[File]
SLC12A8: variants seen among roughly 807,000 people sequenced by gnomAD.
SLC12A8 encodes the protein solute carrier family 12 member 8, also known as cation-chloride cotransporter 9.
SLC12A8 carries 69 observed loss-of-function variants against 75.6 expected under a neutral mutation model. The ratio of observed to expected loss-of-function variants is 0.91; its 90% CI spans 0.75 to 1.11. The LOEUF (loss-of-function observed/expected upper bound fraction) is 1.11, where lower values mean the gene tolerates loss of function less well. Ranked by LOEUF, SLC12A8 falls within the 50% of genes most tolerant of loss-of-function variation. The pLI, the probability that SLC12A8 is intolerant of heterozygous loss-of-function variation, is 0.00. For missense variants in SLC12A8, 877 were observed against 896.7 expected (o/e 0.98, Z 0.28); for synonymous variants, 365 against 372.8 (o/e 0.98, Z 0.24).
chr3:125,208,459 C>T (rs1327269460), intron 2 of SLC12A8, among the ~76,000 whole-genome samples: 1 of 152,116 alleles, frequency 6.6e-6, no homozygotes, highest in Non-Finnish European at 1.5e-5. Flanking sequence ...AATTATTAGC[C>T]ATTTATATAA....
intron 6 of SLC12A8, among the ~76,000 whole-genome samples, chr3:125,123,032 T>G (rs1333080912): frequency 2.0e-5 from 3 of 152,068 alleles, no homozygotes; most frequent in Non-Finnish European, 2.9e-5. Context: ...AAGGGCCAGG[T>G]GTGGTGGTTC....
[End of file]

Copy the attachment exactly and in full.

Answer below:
SLC12A8: variants seen among roughly 807,000 people sequenced by gnomAD.
SLC12A8 encodes the protein solute carrier family 12 member 8, also known as cation-chloride cotransporter 9.
SLC12A8 carries 69 observed loss-of-function variants against 75.6 expected under a neutral mutation model. The ratio of observed to expected loss-of-function variants is 0.91; its 90% CI spans 0.75 to 1.11. The LOEUF (loss-of-function observed/expected upper bound fraction) is 1.11, where lower values mean the gene tolerates loss of function less well. Ranked by LOEUF, SLC12A8 falls within the 50% of genes most tolerant of loss-of-function variation. The pLI, the probability that SLC12A8 is intolerant of heterozygous loss-of-function variation, is 0.00. For missense variants in SLC12A8, 877 were observed against 896.7 expected (o/e 0.98, Z 0.28); for synonymous variants, 365 against 372.8 (o/e 0.98, Z 0.24).
chr3:125,208,459 C>T (rs1327269460), intron 2 of SLC12A8, among the ~76,000 whole-genome samples: 1 of 152,116 alleles, frequency 6.6e-6, no homozygotes, highest in Non-Finnish European at 1.5e-5. Flanking sequence ...AATTATTAGC[C>T]ATTTATATAA....
intron 6 of SLC12A8, among the ~76,000 whole-genome samples, chr3:125,123,032 T>G (rs1333080912): frequency 2.0e-5 from 3 of 152,068 alleles, no homozygotes; most frequent in Non-Finnish European, 2.9e-5. Context: ...AAGGGCCAGG[T>G]GTGGTGGTTC....